Later on, a control group (comprised of people who don't claim to be psychic) is brought to the same haunted location and are asked to take the same tour that the psychics & mediums did. But instead of trying to psychically pinpoint the areas where the witnesses have experienced something unusual, this control group is instead asked to try and pinpoint these areas simply through guessing, or by being attentive to subtle clues in their surroundings (for instance, they might choose to mark down a certain area on the floor plan simply because it looks or feels dark, cold, & "spooky" to them). And then the controls are asked to guess what the ghost's personality might be like, and circle those words on the personality list.

Parapsychologist Michaeleen Maher has used this testing method in five haunting investigations she's conducted over the years [9], and the combined results indicate that the floor plan areas marked by the psychics & mediums tend to come significantly close to matching those indicated by the witnesses (with an odds ratio of 1,000 to 1). And to a lesser degree, the words circled by the psychics & mediums on the ghost personality list also tend to significantly correspond with the words circled by the witnesses (odds of 50 to 1). In contrast, the control group was largely unsuccessful at pinpointing the areas on the floor plan where witnesses experienced something (odds of only about 2 to 1), and at best, had only very weak success at merely guessing the ghost's personality (odds of 10 to 1). Tests of this kind with similar degrees of significance have also been reported in a few other haunting investigations [10-12], as well.

When considered alongside the impressive results that Mrs. Garrett has produced in other studies of her ability [3], perhaps tests like these may provide us with some reason for seriously considering the possibility that there could have been something "extrasensory" to her impressions. Hmmm...



[1] McMahon, J. D. S. (1994). Eileen J. Garrett: A Woman Who Made a Difference. New York: Parapsychology Foundation, Inc.

[2] Alvarado, C. S., Coly, E., Coly, L., & Zingrone, N. L. (2001). Fifty years of supporting parapsychology: The Parapsychology Foundation (1951 - 2001). International Journal of Parapsychology, 12, 1 - 26.

[3] For instance, see this previous PRF Facebook post which summarizes an extensive study conducted with Mrs. Garrett by J. B. Rhine & colleagues at Duke University in the 1930s:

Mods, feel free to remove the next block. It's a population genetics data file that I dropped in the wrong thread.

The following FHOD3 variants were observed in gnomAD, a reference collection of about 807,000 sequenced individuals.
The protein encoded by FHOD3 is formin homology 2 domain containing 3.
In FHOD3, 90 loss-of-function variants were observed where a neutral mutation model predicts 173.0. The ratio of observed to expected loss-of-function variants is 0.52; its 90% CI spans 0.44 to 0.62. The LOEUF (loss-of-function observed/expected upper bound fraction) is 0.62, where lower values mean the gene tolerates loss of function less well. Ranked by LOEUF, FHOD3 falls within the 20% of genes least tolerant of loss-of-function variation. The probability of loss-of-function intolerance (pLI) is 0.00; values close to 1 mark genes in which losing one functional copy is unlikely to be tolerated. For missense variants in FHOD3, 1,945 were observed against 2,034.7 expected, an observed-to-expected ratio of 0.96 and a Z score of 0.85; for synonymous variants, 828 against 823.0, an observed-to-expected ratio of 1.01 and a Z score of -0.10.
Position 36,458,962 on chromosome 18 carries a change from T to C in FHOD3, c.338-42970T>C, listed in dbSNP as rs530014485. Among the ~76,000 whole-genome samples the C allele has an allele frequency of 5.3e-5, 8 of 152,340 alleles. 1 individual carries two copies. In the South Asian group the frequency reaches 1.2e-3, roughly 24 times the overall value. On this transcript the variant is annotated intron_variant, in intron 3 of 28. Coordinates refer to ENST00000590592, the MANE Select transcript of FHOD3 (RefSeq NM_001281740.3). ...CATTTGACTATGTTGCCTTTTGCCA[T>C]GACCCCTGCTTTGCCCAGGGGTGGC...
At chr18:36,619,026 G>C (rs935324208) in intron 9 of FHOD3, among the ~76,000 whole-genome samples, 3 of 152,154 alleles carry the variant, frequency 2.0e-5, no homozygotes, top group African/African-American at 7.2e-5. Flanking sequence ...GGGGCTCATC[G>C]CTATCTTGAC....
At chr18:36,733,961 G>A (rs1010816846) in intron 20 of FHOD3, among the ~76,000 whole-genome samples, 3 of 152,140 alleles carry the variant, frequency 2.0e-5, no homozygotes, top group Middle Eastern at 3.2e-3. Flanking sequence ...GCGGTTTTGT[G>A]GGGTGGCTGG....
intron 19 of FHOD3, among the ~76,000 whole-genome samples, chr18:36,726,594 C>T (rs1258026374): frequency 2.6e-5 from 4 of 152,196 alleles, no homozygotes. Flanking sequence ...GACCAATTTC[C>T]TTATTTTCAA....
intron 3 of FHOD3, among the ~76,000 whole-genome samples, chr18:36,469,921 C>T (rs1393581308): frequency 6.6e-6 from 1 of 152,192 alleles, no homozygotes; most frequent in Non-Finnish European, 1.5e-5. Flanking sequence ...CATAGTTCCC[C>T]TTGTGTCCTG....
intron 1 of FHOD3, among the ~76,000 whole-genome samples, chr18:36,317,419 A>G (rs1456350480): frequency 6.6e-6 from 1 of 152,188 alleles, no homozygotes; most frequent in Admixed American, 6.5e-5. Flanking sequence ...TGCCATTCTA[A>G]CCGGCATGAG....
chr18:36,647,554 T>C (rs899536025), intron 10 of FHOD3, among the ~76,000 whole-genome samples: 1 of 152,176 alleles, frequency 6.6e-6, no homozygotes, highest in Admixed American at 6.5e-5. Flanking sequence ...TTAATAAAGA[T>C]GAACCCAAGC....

[4] Garrett, E. J. (1968). Many Voices: The Autobiography of a Medium. New York: G. P. Putnam's Sons.

[5] Coly, L. (2023, March 21). Eileen Garrett's approach to poltergeist and haunting cases. Entry in the Parapsychology Foundation blog:

[6] McKenzie, J. H. (1928). Some recent poltergeist cases investigated by the College. Psychic Science: Quarterly Transactions of the British College of Psychic Science, 7, 235 - 247.

[7] Garrett, E. J. (1953, Summer). The phantom mistress of Rose Hall. Tomorrow: World's Digest of Psychical Research and Occult Studies, 1(4), 15 - 30.

[8] Schmeidler, G. R. (1966). Quantitative investigation of a "haunted house." Journal of the American Society for Psychical Research, 60, 137 - 149.

[9] Maher, M. C. (1999). Riding the waves in search of the particles: A modern study of ghosts and apparitions. Journal of Parapsychology, 63, 47 - 80.

[10] Solfvin, G. F., & Roll, W. G. (1978). Quantitative investigation of a "haunted" house in Washington D.C. [Abstract] Journal of Parapsychology, 42, 63 - 64.

[11] Krieger, J., McCormick, D., & Luthman, M. (1980). Perceptual correspondence in a house with recurring phenomena. In W. G. Roll (Ed.) Research in Parapsychology 1979 (pp. 161 - 163). Metuchen, NJ: Scarecrow Press.

[12] Everist, W. G. (2000). Two studies of apparitional sensitivity amongst novice and experienced percipients. Proceedings of Presented Papers: The Parapsychological Association 43rd Annual Convention (pp. 346 - 363). Raleigh, NC: Parapsychological Association, Inc.